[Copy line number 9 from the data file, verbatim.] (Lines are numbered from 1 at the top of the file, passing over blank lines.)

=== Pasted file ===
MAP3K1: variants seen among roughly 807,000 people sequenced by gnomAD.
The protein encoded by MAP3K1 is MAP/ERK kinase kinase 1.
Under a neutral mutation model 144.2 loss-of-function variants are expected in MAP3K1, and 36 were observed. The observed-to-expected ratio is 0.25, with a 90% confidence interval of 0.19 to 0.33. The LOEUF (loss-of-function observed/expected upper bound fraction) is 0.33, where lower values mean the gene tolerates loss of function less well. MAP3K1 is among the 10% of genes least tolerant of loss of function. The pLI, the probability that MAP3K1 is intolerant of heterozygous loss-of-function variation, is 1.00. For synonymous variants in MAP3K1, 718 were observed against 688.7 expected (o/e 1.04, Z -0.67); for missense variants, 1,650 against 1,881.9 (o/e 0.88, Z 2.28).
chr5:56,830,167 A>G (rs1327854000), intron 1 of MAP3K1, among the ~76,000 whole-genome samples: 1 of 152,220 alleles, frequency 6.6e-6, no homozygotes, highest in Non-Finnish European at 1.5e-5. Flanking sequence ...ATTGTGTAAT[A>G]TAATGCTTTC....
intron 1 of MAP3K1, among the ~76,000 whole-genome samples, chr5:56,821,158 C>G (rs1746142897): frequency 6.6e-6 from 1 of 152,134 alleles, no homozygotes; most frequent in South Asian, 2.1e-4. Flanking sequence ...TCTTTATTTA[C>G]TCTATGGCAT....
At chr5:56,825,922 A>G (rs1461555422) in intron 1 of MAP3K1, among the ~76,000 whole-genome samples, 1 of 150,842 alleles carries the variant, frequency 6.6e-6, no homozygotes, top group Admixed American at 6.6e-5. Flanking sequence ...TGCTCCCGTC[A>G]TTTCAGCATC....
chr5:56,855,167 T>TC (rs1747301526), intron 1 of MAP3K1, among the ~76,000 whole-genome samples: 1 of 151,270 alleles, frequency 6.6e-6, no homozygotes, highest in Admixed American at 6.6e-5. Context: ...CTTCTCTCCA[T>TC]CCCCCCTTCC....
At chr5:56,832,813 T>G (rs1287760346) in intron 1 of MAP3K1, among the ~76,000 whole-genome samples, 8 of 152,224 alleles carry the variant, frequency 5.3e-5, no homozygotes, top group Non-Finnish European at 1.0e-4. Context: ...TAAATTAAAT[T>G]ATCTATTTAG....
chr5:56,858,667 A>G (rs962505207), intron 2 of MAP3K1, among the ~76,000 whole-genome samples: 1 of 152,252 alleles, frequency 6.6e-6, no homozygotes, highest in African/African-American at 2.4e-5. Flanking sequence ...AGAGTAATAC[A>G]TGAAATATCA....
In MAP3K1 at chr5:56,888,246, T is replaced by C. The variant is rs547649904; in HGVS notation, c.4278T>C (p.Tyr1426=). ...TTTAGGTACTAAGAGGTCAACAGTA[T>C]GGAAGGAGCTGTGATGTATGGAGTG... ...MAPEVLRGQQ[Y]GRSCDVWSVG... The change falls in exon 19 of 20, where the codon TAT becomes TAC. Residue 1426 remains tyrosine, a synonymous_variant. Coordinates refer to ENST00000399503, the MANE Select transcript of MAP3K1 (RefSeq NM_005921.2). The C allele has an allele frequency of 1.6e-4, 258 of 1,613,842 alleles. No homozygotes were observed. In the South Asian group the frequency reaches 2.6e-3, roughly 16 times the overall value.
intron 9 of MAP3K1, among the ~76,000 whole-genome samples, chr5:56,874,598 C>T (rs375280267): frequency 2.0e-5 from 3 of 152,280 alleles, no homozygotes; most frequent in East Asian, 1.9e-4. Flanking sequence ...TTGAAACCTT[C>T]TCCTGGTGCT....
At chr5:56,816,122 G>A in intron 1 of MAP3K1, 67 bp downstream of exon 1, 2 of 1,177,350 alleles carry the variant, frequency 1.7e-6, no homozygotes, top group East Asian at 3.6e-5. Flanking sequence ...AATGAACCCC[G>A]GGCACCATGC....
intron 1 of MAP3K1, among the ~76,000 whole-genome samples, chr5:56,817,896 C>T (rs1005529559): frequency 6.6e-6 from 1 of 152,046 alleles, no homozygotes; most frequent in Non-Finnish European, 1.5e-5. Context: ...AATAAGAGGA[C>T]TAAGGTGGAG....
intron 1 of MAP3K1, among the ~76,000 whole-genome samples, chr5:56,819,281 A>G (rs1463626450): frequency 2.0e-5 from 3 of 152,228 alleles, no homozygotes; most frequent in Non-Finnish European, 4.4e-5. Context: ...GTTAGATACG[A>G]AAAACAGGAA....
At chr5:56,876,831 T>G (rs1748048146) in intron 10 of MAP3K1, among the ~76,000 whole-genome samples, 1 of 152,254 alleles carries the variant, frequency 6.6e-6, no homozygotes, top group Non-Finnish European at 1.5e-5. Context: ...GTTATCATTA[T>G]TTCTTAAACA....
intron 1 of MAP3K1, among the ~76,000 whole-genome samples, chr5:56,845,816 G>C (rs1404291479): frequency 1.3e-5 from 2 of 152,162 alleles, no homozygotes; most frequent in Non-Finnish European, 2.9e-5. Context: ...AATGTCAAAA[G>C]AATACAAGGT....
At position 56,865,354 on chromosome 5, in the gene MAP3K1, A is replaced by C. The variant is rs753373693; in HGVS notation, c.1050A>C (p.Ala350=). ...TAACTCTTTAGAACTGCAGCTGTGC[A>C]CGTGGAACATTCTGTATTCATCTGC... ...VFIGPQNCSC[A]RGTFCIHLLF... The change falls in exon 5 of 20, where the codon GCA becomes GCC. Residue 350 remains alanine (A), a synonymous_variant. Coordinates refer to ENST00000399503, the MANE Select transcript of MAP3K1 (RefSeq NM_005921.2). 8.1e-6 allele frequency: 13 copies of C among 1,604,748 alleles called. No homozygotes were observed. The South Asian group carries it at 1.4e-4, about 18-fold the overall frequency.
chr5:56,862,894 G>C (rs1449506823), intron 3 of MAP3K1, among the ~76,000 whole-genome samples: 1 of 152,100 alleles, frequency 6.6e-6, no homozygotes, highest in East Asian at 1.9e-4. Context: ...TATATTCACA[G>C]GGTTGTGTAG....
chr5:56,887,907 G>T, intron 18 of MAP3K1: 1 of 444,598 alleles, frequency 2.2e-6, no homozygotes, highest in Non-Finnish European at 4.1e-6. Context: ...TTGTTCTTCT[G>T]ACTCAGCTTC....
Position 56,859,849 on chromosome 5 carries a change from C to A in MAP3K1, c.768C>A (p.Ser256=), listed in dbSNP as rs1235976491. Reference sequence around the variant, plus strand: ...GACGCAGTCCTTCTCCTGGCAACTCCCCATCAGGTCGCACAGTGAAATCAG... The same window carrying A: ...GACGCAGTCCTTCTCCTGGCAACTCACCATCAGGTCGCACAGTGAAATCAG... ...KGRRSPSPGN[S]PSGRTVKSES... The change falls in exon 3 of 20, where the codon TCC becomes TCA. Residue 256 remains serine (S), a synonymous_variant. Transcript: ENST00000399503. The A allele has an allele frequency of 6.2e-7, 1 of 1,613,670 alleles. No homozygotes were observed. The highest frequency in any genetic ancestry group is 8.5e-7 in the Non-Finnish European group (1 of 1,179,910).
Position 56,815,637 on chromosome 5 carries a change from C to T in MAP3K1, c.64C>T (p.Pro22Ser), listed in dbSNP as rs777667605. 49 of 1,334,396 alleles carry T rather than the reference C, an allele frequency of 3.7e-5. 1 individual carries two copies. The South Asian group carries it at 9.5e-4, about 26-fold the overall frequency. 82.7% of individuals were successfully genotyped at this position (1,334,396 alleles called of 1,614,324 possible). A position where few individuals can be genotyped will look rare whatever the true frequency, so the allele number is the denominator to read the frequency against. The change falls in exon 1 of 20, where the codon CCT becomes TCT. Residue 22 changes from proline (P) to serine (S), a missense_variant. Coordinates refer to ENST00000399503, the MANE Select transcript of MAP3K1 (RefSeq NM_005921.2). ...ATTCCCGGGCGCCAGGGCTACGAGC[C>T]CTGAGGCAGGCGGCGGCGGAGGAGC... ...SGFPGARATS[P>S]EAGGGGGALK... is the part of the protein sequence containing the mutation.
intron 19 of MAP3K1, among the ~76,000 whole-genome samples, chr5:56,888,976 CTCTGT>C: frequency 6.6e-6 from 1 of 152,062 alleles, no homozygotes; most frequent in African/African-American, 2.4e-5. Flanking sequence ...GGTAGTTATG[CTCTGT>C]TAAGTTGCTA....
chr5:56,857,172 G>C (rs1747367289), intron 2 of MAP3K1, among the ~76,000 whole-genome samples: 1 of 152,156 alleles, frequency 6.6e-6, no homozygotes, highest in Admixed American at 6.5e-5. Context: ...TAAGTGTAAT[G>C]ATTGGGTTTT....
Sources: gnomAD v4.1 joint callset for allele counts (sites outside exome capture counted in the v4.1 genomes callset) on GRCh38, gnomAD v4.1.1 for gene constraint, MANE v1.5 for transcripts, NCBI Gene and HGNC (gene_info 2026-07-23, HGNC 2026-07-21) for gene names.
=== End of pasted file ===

chr5:56,858,667 A>G (rs962505207), intron 2 of MAP3K1, among the ~76,000 whole-genome samples: 1 of 152,252 alleles, frequency 6.6e-6, no homozygotes, highest in African/African-American at 2.4e-5. Flanking sequence ...AGAGTAATAC[A>G]TGAAATATCA....